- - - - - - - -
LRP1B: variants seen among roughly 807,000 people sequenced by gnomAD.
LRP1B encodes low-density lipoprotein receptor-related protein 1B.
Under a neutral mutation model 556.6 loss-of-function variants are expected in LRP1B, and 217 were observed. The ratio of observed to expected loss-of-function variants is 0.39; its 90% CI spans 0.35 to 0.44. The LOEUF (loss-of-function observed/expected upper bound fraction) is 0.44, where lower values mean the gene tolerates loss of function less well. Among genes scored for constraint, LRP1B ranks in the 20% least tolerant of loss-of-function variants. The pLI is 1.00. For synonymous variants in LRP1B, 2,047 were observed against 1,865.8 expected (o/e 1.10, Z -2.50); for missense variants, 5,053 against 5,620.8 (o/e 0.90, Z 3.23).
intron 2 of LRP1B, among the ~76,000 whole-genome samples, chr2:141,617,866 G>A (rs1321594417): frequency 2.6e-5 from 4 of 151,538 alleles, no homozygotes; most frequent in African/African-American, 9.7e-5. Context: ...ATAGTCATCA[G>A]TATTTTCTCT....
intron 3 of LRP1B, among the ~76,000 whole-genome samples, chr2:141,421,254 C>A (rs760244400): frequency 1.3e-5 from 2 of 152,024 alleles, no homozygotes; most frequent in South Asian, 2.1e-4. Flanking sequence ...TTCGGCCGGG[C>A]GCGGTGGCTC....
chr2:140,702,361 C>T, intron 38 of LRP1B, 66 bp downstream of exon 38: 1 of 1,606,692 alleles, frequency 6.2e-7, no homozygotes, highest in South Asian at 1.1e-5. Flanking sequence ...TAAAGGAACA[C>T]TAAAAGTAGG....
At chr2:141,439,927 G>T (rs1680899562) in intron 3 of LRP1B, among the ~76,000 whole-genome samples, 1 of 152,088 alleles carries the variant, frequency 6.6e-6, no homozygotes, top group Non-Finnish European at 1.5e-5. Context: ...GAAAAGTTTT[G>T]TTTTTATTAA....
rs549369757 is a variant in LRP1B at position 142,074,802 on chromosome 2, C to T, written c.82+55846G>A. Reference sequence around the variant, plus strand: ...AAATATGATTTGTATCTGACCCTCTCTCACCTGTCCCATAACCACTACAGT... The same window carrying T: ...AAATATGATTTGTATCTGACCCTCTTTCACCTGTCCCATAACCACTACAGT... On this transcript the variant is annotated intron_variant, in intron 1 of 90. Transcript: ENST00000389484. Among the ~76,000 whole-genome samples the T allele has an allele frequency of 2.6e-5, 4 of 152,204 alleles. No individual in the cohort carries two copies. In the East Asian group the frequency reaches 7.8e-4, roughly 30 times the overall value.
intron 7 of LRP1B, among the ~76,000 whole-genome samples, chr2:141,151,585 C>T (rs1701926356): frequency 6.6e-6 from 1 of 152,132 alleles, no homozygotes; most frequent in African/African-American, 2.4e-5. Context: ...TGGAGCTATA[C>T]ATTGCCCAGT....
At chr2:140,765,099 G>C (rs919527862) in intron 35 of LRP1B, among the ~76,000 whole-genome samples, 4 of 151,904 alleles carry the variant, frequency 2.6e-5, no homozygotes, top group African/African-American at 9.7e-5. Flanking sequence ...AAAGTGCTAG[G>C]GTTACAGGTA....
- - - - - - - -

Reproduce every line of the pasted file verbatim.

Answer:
LRP1B: variants seen among roughly 807,000 people sequenced by gnomAD.
LRP1B encodes low-density lipoprotein receptor-related protein 1B.
Under a neutral mutation model 556.6 loss-of-function variants are expected in LRP1B, and 217 were observed. The ratio of observed to expected loss-of-function variants is 0.39; its 90% CI spans 0.35 to 0.44. The LOEUF (loss-of-function observed/expected upper bound fraction) is 0.44, where lower values mean the gene tolerates loss of function less well. Among genes scored for constraint, LRP1B ranks in the 20% least tolerant of loss-of-function variants. The pLI is 1.00. For synonymous variants in LRP1B, 2,047 were observed against 1,865.8 expected (o/e 1.10, Z -2.50); for missense variants, 5,053 against 5,620.8 (o/e 0.90, Z 3.23).
intron 2 of LRP1B, among the ~76,000 whole-genome samples, chr2:141,617,866 G>A (rs1321594417): frequency 2.6e-5 from 4 of 151,538 alleles, no homozygotes; most frequent in African/African-American, 9.7e-5. Context: ...ATAGTCATCA[G>A]TATTTTCTCT....
intron 3 of LRP1B, among the ~76,000 whole-genome samples, chr2:141,421,254 C>A (rs760244400): frequency 1.3e-5 from 2 of 152,024 alleles, no homozygotes; most frequent in South Asian, 2.1e-4. Flanking sequence ...TTCGGCCGGG[C>A]GCGGTGGCTC....
chr2:140,702,361 C>T, intron 38 of LRP1B, 66 bp downstream of exon 38: 1 of 1,606,692 alleles, frequency 6.2e-7, no homozygotes, highest in South Asian at 1.1e-5. Flanking sequence ...TAAAGGAACA[C>T]TAAAAGTAGG....
At chr2:141,439,927 G>T (rs1680899562) in intron 3 of LRP1B, among the ~76,000 whole-genome samples, 1 of 152,088 alleles carries the variant, frequency 6.6e-6, no homozygotes, top group Non-Finnish European at 1.5e-5. Context: ...GAAAAGTTTT[G>T]TTTTTATTAA....
rs549369757 is a variant in LRP1B at position 142,074,802 on chromosome 2, C to T, written c.82+55846G>A. Reference sequence around the variant, plus strand: ...AAATATGATTTGTATCTGACCCTCTCTCACCTGTCCCATAACCACTACAGT... The same window carrying T: ...AAATATGATTTGTATCTGACCCTCTTTCACCTGTCCCATAACCACTACAGT... On this transcript the variant is annotated intron_variant, in intron 1 of 90. Transcript: ENST00000389484. Among the ~76,000 whole-genome samples the T allele has an allele frequency of 2.6e-5, 4 of 152,204 alleles. No individual in the cohort carries two copies. In the East Asian group the frequency reaches 7.8e-4, roughly 30 times the overall value.
intron 7 of LRP1B, among the ~76,000 whole-genome samples, chr2:141,151,585 C>T (rs1701926356): frequency 6.6e-6 from 1 of 152,132 alleles, no homozygotes; most frequent in African/African-American, 2.4e-5. Context: ...TGGAGCTATA[C>T]ATTGCCCAGT....
At chr2:140,765,099 G>C (rs919527862) in intron 35 of LRP1B, among the ~76,000 whole-genome samples, 4 of 151,904 alleles carry the variant, frequency 2.6e-5, no homozygotes, top group African/African-American at 9.7e-5. Flanking sequence ...AAAGTGCTAG[G>C]GTTACAGGTA....